Concrete Core Tempering – CCT

Concrete core tempering is a comfortable and environmentally friendly way of providing background temperature control in buildings.

CCT assists in providing comfortable temperatures through the use of natural heat buffers in structural components of modern buildings.

The principle of the concrete core tempering (CCT) is based on the use of natural heat buffers of building components. CCT supports the high thermal mass of concrete sections by heating them or cooling them using water flowing through pipes embedded in the building structure. CCT has become a hot topic in air conditioning due to its underlying economic merits.

The advantages of CCT, as a background complementary heating and cooling system, are:
  • low investment and operating costs
  • "gentle cooling" without need for flues
  • reduced air exchange in combination with ventilation systems
  • no Sick Building Syndrome issues
  • low and affordable flow temperature level
  • provides a good match with Interseasonal Heat Transfer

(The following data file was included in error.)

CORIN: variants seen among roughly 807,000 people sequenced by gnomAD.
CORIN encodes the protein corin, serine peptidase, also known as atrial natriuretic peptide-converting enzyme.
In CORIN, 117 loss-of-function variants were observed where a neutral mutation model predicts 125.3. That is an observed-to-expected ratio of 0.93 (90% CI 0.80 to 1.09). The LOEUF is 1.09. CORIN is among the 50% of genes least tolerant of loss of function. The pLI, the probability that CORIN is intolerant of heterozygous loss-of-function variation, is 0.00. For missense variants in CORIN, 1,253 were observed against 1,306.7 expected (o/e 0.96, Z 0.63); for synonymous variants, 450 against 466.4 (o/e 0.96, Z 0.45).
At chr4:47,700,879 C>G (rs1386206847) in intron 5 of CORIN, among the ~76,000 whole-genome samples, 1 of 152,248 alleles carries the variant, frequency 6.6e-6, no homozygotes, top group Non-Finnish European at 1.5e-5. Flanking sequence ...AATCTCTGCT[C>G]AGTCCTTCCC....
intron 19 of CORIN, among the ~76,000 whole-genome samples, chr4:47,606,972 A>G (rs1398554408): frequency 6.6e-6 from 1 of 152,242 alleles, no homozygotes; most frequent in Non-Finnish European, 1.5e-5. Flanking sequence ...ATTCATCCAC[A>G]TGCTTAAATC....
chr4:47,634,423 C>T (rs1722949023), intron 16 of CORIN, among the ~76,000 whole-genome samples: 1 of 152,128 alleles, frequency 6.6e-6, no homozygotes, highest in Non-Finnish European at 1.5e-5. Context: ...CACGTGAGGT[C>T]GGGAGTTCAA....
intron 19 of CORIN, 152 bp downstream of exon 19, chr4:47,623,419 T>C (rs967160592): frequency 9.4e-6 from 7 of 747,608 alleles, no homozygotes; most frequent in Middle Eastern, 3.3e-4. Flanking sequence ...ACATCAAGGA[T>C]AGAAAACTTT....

Thermal Mass

Concrete Core Tempering takes advantage of the thermal mass of a building to stabalise temperatures within it. The thermal inertia of the building can be used to purge a building of heat on summer nights to reduce the need for cooling during the following day.

By activating the thermal mass of the building it is possible not only to arrange a direct heating-cooling effect, but also to reduce the peak load and transfer some of the load to the time when the building is not occupied.

Because these systems operate at water temperatures close to room temperature, they increase the efficiency of heat pumps, ground heat exchangers and other systems using renewable energy sources like Interseasonal Heat Tranfer.

By separating part of the temperature control from the ventilation system it is possible to arrange a more effective air handling system that can focus on changing air for air quality reasons, rather than compromising between air temperature and air quality.

The principles are similar to those used by TermoDeck where the concrete structure of the building is used to circulate warm air in winter – or cool air in summer – into the building through air passages within concrete ceilings.

 

See also: Renewable Heat

See also: Renewable Cooling

See also: Banking on IHT